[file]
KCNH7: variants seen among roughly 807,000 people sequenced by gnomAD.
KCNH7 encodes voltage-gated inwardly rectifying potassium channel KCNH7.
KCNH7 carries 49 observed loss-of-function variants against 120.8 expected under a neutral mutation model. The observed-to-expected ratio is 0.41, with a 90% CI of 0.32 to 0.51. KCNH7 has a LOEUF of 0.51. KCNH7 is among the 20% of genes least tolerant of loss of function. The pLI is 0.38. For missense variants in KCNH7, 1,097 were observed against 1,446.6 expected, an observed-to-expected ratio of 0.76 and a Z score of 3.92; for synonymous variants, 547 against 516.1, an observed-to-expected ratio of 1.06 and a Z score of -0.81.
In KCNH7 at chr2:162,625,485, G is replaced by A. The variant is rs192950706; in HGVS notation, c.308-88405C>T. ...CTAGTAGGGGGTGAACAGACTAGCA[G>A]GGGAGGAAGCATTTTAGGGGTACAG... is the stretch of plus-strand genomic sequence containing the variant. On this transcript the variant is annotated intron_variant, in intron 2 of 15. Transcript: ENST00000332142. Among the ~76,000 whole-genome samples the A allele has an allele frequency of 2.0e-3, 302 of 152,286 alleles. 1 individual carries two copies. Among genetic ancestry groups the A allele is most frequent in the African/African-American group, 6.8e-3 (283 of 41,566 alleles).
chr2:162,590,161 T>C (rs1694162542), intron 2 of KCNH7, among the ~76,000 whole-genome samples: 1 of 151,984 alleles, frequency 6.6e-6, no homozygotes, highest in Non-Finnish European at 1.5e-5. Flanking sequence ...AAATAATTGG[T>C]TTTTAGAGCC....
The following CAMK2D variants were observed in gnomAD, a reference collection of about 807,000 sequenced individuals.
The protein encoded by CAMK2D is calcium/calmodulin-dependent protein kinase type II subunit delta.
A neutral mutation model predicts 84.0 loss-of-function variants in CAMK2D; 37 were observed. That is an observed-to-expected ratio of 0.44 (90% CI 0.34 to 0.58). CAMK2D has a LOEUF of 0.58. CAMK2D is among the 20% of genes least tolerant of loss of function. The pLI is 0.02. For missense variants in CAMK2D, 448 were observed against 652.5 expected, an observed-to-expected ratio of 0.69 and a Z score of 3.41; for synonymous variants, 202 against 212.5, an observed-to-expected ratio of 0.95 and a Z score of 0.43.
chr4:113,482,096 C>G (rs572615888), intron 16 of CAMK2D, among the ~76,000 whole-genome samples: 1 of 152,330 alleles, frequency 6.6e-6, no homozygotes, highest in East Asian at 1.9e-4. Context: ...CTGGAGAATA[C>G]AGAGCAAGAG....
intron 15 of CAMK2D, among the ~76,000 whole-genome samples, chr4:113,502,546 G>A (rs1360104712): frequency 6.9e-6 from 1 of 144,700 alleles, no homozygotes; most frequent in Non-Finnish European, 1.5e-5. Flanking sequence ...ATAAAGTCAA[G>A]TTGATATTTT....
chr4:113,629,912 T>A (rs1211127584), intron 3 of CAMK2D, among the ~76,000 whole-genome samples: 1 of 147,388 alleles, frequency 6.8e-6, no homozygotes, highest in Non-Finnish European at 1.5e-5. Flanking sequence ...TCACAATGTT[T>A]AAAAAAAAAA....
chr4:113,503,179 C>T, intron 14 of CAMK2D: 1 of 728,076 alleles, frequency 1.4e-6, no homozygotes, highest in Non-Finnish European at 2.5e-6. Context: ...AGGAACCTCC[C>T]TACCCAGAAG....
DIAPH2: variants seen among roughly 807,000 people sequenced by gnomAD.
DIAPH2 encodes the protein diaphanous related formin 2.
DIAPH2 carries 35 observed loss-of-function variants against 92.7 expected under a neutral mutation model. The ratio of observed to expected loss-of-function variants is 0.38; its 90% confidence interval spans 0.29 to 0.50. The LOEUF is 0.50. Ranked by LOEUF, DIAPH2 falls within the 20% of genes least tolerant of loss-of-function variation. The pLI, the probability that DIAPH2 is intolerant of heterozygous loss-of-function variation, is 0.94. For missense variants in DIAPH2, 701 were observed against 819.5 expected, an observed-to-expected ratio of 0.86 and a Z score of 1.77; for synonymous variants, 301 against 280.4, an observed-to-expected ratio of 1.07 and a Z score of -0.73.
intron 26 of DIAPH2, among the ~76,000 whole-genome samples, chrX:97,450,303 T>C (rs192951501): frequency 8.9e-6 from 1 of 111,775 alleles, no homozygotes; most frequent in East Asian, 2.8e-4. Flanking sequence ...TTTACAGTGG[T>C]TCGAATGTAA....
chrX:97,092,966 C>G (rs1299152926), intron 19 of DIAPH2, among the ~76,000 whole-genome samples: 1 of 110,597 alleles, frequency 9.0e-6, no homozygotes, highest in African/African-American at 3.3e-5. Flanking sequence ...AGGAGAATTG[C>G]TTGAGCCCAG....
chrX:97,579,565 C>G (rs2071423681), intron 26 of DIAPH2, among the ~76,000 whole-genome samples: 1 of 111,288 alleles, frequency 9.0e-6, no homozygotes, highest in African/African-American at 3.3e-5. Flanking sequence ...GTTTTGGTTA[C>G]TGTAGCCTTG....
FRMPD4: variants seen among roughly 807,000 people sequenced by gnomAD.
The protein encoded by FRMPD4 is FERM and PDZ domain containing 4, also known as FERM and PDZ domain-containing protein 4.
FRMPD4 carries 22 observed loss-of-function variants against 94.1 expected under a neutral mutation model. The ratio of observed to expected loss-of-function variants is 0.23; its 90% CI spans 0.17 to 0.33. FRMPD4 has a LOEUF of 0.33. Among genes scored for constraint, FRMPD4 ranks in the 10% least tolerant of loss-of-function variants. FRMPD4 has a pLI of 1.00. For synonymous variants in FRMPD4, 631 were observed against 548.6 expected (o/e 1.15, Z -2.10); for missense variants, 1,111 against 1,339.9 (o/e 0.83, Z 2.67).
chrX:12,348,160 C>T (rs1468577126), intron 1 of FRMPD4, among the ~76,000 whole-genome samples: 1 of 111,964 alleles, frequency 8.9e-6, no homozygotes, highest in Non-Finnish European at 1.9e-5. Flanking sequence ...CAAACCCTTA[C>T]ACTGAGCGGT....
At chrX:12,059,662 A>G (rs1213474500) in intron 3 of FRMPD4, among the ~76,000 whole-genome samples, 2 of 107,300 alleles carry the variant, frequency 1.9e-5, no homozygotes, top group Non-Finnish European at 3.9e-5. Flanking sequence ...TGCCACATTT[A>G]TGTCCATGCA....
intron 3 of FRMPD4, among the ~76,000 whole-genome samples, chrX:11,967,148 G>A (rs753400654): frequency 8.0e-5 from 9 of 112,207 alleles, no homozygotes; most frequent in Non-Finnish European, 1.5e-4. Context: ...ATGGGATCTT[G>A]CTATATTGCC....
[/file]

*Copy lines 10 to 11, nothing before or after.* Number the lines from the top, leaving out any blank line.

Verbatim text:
intron 15 of CAMK2D, among the ~76,000 whole-genome samples, chr4:113,502,546 G>A (rs1360104712): frequency 6.9e-6 from 1 of 144,700 alleles, no homozygotes; most frequent in Non-Finnish European, 1.5e-5. Flanking sequence ...ATAAAGTCAA[G>A]TTGATATTTT....
chr4:113,629,912 T>A (rs1211127584), intron 3 of CAMK2D, among the ~76,000 whole-genome samples: 1 of 147,388 alleles, frequency 6.8e-6, no homozygotes, highest in Non-Finnish European at 1.5e-5. Flanking sequence ...TCACAATGTT[T>A]AAAAAAAAAA....